While the likelihood of triggering one of these monster avalanches is decreasing as we get more time since the last storm, we still think it is possible for a person to trigger based on all the human triggered activity on Thursday. The consequences of being involved with one of these avalanches are serious! We recommend sticking to smaller terrain features with lower angle slopes and being aware of any steep slopes overhead. Remote triggering is likely with this weak layer, which means you could trigger an avalanche from relatively flat terrain that releases above, to the sides, or below where you are travelling. This is really important to keep in mind if you are travelling in the vicinity of other groups!
We don’t expect the NW winds to reach into the majority of the forecast area today, but the N end of Seattle Ridge is the most likely to experience these winds if they end up being stronger than expected. Wind slabs could form quickly on leeward slopes and the loading from wind transport could be enough to make deeper avalanches more likely. Be aware of any active wind loading in the area you are travelling, especially near higher elevation peaks and along Turnagain Arm.
Cornices also grew substantially with the past two storm systems and could be a potential trigger for a larger avalanche if they fall onto a steep slope below. Give these an extra wide berth and be aware of any cornices overhead, especially if you see any active wind loading today.
Yesterday: Mostly clear skies and calm to light winds averaging 0-10 mph. There was a temperature inversion in some places with air temps in the single digits at road level in Turnagain Pass and teens at upper elevations. No new snowfall.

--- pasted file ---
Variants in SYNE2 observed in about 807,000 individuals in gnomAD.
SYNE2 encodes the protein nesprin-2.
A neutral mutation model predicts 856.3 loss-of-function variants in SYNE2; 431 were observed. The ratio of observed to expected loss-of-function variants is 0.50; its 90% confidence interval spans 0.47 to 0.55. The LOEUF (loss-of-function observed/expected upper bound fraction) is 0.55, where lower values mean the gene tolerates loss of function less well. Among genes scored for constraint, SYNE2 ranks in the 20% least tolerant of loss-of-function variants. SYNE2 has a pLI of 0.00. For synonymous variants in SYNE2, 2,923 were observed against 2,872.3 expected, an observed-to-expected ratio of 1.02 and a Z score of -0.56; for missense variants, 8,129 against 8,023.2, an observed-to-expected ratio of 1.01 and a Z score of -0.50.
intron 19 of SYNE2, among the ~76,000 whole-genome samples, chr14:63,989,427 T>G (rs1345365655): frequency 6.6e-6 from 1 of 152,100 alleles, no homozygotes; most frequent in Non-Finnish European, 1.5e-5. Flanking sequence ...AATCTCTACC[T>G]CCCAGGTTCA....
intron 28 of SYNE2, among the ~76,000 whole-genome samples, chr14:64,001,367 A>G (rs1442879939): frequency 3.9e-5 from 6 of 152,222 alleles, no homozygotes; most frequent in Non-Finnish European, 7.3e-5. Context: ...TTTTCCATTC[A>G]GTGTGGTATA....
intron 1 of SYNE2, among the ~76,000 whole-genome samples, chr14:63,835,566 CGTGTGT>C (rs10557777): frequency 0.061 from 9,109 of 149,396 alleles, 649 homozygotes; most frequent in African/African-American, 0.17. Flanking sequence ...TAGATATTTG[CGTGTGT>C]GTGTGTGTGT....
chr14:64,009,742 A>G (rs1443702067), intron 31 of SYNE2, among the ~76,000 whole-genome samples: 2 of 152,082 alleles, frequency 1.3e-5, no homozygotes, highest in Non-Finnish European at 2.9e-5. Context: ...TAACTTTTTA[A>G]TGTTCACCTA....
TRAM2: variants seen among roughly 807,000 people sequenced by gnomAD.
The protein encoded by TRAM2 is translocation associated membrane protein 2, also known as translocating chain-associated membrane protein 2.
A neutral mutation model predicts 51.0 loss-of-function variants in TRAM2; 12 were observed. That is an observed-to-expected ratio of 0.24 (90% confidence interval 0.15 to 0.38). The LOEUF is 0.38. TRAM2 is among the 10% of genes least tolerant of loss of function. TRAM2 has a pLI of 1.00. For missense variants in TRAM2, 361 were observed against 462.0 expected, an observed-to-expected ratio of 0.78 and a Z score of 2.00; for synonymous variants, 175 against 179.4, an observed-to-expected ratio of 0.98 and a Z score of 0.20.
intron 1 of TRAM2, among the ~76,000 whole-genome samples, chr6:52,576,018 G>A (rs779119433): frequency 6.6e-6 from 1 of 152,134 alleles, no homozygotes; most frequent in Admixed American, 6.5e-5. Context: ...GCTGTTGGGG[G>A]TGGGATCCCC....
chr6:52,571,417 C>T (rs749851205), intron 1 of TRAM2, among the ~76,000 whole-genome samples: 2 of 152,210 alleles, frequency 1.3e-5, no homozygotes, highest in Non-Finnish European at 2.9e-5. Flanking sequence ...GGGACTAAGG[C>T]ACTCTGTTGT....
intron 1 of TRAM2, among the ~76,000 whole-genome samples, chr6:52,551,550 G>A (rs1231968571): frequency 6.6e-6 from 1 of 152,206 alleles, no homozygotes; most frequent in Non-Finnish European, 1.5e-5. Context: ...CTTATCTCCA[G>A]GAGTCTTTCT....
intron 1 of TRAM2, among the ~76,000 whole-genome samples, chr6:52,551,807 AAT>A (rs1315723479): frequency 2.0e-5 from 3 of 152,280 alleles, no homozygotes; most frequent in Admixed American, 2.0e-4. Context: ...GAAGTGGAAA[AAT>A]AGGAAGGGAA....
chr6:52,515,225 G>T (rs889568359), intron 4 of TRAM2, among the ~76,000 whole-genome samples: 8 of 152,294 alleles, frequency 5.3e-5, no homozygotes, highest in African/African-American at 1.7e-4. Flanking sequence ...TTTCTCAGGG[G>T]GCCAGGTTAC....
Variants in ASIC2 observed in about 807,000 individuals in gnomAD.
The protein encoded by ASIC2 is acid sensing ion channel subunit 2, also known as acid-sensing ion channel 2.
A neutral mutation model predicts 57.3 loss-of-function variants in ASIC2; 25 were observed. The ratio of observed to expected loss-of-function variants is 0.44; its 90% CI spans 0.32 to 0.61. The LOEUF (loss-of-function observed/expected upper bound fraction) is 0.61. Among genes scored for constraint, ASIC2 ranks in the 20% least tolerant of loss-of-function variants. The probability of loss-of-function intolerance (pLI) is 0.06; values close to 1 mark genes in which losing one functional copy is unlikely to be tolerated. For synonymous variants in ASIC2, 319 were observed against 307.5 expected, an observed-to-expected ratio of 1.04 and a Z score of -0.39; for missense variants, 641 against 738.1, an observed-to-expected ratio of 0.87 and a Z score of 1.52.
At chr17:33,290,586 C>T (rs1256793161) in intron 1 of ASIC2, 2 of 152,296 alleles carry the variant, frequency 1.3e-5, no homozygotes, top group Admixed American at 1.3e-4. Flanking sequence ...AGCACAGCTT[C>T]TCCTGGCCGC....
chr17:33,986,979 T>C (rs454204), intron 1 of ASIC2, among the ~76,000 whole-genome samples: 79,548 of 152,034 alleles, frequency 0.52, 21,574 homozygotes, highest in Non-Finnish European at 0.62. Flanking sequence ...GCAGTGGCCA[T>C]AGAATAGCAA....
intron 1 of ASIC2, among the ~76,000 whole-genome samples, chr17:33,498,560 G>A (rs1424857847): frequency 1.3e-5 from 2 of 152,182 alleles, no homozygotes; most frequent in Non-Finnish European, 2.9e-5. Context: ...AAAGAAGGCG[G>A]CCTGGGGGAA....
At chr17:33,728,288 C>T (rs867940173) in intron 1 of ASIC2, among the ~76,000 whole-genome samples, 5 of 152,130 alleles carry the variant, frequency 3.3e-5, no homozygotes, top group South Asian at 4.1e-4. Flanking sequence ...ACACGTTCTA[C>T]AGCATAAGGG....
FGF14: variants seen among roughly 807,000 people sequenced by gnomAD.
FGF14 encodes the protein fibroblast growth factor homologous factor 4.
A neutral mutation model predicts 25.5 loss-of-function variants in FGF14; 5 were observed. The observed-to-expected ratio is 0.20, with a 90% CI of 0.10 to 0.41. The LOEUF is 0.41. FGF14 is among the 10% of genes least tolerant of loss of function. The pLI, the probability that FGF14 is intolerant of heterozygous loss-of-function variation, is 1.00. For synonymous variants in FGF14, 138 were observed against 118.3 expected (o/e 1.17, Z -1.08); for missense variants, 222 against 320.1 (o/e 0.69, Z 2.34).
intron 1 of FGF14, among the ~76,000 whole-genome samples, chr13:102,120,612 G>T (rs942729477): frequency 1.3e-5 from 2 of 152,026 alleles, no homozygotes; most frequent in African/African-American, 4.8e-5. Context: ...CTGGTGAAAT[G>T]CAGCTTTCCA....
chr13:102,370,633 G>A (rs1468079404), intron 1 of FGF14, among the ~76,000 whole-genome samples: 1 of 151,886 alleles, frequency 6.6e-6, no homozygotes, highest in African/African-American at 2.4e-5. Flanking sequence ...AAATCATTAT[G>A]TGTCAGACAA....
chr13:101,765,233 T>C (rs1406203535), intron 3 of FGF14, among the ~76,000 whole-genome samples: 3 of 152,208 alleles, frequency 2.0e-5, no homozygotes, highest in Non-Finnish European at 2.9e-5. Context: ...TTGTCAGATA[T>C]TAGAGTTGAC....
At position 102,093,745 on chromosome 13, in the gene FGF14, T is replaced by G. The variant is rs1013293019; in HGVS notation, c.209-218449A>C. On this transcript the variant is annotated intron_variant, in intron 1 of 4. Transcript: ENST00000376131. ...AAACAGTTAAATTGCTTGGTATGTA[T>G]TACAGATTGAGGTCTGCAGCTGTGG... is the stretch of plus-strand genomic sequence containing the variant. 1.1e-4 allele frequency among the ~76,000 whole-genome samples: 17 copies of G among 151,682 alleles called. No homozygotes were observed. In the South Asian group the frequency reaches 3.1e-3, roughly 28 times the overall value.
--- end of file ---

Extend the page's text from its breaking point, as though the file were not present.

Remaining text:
Today: Light outflow winds from the NW are expected to pick up today with averages in the 0-10 mph range and gusts up to 35 mph in favored areas like Turnagain Arm. Cloud cover will increase throughout the day starting with high level clouds and gradually dropping as a storm system approaches. Light snowfall is expected to start overnight Saturday or Sunday morning.
Tomorrow: Light snowfall should pick up Sunday morning, with up to 6″ expected by Monday morning. There is a lot of uncertainty with the timing and intensity of this storm system because weather models have poor agreement. Temperatures should increase slightly into the 20s at mid and upper elevations and snow line between 500 – 1000′. Winds will shift to the E and speeds should increase slightly to 15-25 mph with the onset of the storm.
PRECIPITATION 24-hour data (6am – 6am)
|Temp Avg (F)
|Snow Depth (in)
|Center Ridge (1880′)
|Summit Lake (1400′)
|Alyeska Mid (1700′)
|Bear Valley – Portage (132′)
RIDGETOP 24-hour data (6am – 6am)
|Temp Avg (F)
|Wind Avg (mph)
|Wind Gust (mph)
|Seattle Ridge (2400′)
|Observation: Kickstep NE Bowl
|Observation: TinCan Backdoor/ Center Ridge
|AAS L1 Turnagain
|Avalanche: Lynx Creek
|Observation: Turnagain, Seattle, Mt Ascension
|Silverton Mountain Guides
|Observation: Tincan Trees
|Dalpes/Thamm/ Schauer Forecaster
|Observation: Seward Highway across from Johnson Pass TH
|Avalanche: Base of Seattle Ridge
|Troy Tempel, Thomas Lees, .Josh Bollaert, Damian Naquin
|Observation: Lynx creek